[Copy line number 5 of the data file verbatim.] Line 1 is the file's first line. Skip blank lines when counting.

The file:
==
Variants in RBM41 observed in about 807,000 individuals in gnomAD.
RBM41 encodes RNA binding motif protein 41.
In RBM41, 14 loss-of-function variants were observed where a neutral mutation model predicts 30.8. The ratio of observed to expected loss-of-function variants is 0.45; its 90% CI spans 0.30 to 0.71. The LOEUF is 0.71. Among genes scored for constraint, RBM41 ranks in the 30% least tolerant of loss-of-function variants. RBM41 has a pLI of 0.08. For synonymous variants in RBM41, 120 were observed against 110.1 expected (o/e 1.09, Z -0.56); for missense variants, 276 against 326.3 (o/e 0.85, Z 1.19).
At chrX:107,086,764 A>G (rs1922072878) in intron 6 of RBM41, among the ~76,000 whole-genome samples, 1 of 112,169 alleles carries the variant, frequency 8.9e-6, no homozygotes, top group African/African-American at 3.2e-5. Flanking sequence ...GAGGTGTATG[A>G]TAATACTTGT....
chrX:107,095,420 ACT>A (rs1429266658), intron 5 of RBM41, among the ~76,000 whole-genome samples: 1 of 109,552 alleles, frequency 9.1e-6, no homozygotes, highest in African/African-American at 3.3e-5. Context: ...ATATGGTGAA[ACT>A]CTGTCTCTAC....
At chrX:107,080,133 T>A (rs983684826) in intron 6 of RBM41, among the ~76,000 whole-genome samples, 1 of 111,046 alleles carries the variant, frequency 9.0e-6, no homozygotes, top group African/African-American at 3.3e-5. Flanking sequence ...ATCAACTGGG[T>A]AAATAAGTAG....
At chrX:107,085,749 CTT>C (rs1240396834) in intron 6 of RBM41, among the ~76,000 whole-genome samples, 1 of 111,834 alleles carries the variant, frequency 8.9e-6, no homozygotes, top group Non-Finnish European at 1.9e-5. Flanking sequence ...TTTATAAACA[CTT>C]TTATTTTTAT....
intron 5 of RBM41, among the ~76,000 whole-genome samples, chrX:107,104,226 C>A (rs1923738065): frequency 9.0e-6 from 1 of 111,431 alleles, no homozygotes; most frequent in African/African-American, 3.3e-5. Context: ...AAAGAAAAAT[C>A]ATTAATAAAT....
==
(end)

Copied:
chrX:107,095,420 ACT>A (rs1429266658), intron 5 of RBM41, among the ~76,000 whole-genome samples: 1 of 109,552 alleles, frequency 9.1e-6, no homozygotes, highest in African/African-American at 3.3e-5. Context: ...ATATGGTGAA[ACT>A]CTGTCTCTAC....